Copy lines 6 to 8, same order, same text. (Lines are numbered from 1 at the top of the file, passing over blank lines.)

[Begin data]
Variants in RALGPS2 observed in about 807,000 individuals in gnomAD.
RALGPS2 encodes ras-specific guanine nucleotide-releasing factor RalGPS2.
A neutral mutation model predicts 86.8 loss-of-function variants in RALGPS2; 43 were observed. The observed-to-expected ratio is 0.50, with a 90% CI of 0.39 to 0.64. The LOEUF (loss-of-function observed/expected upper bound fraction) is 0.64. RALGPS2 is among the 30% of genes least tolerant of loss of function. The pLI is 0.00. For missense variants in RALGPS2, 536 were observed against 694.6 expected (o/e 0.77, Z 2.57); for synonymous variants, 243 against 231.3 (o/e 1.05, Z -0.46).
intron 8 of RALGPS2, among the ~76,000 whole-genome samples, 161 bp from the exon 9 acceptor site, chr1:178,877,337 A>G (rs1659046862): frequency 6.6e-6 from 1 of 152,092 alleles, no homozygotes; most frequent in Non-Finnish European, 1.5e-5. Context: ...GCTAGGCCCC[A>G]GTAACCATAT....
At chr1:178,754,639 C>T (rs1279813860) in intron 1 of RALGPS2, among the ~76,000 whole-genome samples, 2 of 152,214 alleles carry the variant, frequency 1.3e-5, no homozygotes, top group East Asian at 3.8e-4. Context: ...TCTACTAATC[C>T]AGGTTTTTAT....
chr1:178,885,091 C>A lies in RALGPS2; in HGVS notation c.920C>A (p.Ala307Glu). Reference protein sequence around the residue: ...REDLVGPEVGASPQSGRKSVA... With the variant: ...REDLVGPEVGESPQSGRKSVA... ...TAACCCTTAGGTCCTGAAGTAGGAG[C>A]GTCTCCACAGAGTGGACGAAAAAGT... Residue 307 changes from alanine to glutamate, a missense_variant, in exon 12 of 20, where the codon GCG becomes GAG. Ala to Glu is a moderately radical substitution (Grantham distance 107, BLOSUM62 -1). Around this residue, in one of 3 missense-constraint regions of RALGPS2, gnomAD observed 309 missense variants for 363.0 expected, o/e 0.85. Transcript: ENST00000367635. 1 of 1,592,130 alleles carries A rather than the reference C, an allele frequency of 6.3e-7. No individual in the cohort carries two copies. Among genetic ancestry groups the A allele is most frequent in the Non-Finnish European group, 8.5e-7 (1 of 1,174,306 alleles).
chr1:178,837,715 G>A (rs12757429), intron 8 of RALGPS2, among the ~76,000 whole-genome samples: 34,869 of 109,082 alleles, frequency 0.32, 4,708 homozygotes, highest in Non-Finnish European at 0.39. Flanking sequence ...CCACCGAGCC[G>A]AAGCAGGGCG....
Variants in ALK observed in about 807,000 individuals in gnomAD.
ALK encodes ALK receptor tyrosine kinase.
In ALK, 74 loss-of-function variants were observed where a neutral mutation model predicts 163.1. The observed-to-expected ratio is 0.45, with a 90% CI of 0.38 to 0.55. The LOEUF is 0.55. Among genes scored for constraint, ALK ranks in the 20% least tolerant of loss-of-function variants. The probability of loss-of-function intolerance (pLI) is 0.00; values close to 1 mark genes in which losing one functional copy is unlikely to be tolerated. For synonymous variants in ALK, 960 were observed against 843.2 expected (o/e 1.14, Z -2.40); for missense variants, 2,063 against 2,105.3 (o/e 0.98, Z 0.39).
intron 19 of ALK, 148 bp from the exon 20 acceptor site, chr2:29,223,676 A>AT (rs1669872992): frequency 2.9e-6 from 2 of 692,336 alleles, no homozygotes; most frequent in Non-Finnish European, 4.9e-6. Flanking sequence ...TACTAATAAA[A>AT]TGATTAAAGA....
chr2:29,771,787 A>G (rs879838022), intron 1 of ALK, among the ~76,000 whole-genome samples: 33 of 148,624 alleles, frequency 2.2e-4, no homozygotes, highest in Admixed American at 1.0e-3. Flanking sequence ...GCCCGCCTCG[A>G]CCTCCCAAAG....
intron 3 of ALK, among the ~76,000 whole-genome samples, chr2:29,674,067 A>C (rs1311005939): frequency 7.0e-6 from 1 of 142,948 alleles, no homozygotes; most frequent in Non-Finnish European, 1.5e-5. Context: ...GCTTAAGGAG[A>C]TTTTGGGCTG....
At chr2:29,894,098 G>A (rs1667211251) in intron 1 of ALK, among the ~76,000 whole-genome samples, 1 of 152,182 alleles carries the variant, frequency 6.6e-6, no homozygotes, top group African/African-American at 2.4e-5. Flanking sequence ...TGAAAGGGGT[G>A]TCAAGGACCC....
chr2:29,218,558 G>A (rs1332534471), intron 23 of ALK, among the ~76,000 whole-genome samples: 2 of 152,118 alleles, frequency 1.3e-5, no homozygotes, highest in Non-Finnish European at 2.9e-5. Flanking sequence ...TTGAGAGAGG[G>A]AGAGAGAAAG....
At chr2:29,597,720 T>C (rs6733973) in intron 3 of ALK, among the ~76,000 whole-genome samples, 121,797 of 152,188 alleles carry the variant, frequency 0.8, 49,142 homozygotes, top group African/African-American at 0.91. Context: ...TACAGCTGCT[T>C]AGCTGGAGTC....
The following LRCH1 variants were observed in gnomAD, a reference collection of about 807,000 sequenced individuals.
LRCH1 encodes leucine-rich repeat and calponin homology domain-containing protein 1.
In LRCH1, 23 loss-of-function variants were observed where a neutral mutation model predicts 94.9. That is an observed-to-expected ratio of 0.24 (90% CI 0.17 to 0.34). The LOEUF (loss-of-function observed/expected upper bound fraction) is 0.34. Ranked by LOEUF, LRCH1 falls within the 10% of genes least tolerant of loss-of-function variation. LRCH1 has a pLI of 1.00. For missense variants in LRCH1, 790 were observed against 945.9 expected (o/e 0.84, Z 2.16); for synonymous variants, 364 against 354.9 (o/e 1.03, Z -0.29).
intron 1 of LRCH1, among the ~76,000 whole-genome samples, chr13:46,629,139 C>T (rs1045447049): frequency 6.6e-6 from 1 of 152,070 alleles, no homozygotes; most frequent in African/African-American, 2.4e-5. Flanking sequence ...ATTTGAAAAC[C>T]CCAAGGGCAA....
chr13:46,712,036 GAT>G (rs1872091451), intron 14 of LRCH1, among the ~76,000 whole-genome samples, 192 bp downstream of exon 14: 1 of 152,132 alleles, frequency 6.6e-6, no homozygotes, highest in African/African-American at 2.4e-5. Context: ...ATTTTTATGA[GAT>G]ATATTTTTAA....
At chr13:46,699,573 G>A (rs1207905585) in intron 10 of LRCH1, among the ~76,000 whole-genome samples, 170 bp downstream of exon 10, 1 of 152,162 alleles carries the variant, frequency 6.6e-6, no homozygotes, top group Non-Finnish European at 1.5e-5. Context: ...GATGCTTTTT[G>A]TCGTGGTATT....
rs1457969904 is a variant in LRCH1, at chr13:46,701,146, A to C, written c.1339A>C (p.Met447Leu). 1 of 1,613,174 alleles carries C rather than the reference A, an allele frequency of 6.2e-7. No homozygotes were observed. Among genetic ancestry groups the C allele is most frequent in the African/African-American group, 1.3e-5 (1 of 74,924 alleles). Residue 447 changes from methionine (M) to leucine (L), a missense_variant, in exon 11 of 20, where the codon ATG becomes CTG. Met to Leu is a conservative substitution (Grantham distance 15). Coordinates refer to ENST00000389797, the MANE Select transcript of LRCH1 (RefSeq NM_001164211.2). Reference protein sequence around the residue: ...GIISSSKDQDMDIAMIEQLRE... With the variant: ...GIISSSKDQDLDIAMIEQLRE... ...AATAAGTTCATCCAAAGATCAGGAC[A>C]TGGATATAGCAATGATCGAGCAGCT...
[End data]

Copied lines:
chr1:178,885,091 C>A lies in RALGPS2; in HGVS notation c.920C>A (p.Ala307Glu). Reference protein sequence around the residue: ...REDLVGPEVGASPQSGRKSVA... With the variant: ...REDLVGPEVGESPQSGRKSVA... ...TAACCCTTAGGTCCTGAAGTAGGAG[C>A]GTCTCCACAGAGTGGACGAAAAAGT... Residue 307 changes from alanine to glutamate, a missense_variant, in exon 12 of 20, where the codon GCG becomes GAG. Ala to Glu is a moderately radical substitution (Grantham distance 107, BLOSUM62 -1). Around this residue, in one of 3 missense-constraint regions of RALGPS2, gnomAD observed 309 missense variants for 363.0 expected, o/e 0.85. Transcript: ENST00000367635. 1 of 1,592,130 alleles carries A rather than the reference C, an allele frequency of 6.3e-7. No individual in the cohort carries two copies. Among genetic ancestry groups the A allele is most frequent in the Non-Finnish European group, 8.5e-7 (1 of 1,174,306 alleles).
chr1:178,837,715 G>A (rs12757429), intron 8 of RALGPS2, among the ~76,000 whole-genome samples: 34,869 of 109,082 alleles, frequency 0.32, 4,708 homozygotes, highest in Non-Finnish European at 0.39. Flanking sequence ...CCACCGAGCC[G>A]AAGCAGGGCG....
Variants in ALK observed in about 807,000 individuals in gnomAD.